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DATE:

May 22, 2014

TO:

Office of Commission Clerk (Stauffer)

FROM:

Division of Accounting and Finance (Barrett, Lester, Mouring)

Division of Engineering (Matthews)

Office of the General Counsel (Barrera)

RE:

Docket No. 140032-EI – Petition to recover capital costs of Big Bend fuel cost reduction project through the fuel cost recovery clause, by Tampa Electric Company.

AGENDA:

06/05/14Regular Agenda – Proposed Agency Action – Interested Persons May Participate

COMMISSIONERS ASSIGNED:

All Commissioners

PREHEARING OFFICER:

Brown

CRITICAL DATES:

None

SPECIAL INSTRUCTIONS:

None

 

 Case Background

On February 11, 2014, Tampa Electric Company (Tampa Electric or Company) filed a petition to implement a fuel conversion project at the Big Bend Power Station for Units 1 through 4.  The Company asserts that this fuel conversion project is similar in many ways to the fuel conversion project the Commission approved in 2012.  By Order No. PSC-12-0498-PAA-EI (Polk Order),[1] the Commission approved a fuel conversion project at the Polk Power Station Unit One.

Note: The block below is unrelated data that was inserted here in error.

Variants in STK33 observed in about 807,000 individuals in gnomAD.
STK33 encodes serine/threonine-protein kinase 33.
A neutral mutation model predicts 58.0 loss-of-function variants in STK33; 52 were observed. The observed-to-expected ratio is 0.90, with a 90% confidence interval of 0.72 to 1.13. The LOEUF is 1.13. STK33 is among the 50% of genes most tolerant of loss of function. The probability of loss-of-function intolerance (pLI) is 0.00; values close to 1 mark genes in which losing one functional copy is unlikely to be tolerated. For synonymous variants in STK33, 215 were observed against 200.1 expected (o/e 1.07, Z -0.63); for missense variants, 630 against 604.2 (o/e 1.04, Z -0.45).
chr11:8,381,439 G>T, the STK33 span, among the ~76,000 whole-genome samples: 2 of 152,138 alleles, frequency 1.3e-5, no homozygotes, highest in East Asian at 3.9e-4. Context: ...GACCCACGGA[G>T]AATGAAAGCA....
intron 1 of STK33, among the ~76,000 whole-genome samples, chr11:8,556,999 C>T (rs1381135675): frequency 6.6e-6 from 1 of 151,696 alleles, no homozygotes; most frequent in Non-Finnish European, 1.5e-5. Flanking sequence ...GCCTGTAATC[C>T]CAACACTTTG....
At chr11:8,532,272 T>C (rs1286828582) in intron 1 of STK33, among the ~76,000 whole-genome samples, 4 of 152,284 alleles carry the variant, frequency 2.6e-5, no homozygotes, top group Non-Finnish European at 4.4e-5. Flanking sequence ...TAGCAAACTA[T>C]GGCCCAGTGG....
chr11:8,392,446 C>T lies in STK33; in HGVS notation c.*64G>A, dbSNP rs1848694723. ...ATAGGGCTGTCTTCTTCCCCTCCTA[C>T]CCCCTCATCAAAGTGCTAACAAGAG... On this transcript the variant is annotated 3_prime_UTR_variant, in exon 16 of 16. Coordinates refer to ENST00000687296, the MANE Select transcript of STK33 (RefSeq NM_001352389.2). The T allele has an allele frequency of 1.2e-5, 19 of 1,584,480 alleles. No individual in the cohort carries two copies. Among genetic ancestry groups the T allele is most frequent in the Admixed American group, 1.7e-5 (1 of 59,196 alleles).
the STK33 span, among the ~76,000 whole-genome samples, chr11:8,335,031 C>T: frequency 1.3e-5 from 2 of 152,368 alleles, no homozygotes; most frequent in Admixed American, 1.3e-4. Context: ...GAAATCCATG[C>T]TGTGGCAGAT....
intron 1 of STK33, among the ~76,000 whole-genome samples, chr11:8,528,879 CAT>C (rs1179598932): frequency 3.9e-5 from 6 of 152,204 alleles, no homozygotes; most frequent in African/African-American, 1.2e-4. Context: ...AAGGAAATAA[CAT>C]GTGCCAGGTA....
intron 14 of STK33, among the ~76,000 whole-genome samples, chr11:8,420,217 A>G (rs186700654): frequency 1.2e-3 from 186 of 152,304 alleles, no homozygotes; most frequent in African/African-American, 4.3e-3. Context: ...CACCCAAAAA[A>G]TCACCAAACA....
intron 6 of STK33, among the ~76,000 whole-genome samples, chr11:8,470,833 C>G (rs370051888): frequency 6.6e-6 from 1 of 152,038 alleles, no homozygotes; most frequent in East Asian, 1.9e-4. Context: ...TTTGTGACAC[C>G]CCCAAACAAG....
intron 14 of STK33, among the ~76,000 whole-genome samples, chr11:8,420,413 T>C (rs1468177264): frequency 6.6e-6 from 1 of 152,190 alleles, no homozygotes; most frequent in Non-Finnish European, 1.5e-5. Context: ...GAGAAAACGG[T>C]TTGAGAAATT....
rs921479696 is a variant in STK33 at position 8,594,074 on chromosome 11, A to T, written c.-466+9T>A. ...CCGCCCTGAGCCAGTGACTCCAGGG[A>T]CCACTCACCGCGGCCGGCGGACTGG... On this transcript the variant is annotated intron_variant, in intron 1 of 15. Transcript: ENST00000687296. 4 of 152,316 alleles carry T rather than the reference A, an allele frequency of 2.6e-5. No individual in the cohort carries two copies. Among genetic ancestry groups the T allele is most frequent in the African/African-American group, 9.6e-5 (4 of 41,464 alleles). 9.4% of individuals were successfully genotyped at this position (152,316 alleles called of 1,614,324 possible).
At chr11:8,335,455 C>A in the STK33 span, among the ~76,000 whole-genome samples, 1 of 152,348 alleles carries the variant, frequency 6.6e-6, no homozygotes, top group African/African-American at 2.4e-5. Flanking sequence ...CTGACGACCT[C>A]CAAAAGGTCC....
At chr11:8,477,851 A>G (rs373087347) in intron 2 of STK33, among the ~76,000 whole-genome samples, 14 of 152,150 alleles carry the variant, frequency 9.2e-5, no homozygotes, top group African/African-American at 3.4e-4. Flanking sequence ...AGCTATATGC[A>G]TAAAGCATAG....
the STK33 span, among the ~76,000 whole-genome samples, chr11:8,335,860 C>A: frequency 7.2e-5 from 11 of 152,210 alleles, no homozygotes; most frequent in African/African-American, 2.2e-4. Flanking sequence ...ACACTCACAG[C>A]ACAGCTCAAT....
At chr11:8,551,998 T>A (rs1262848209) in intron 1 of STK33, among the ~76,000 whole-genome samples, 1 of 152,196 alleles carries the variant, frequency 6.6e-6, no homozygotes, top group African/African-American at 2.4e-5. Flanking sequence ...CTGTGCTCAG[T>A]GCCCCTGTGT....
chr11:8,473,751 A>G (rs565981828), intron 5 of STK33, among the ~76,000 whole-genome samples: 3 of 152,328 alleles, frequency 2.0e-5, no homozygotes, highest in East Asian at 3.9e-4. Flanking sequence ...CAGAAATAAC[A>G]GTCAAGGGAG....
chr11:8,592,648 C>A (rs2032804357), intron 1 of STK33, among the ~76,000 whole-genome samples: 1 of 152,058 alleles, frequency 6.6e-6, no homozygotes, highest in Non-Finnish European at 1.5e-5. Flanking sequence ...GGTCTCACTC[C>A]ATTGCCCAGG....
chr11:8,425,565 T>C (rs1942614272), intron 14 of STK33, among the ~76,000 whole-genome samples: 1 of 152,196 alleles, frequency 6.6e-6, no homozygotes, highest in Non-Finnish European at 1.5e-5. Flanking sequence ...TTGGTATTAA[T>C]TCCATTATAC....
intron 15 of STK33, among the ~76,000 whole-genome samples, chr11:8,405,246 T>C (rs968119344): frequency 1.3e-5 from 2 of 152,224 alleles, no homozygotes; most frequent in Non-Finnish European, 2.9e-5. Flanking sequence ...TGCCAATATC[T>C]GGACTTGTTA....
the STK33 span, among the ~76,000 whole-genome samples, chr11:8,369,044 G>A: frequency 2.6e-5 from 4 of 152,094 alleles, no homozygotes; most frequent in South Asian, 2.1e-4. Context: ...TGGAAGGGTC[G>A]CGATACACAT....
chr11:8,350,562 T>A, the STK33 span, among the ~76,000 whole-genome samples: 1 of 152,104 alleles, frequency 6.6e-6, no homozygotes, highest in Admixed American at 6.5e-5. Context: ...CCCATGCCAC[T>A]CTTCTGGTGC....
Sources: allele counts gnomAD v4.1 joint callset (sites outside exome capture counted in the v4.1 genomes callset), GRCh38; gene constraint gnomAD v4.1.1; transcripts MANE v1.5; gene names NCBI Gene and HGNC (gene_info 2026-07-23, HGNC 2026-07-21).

Big Bend Units 1 through 4 are pulverized coal steam units that currently use distillate oil[2] for start-ups and for flame stabilization.  The Company seeks to use natural gas in place of distillate oil, and claims the fuel conversion will benefit the general body of retail customers by reducing the input cost of fossil fuel used at the Big Bend Power Station.  Tampa Electric seeks to recover the capital expenditures for this project through the Fuel Cost Recovery Clause (Fuel Clause).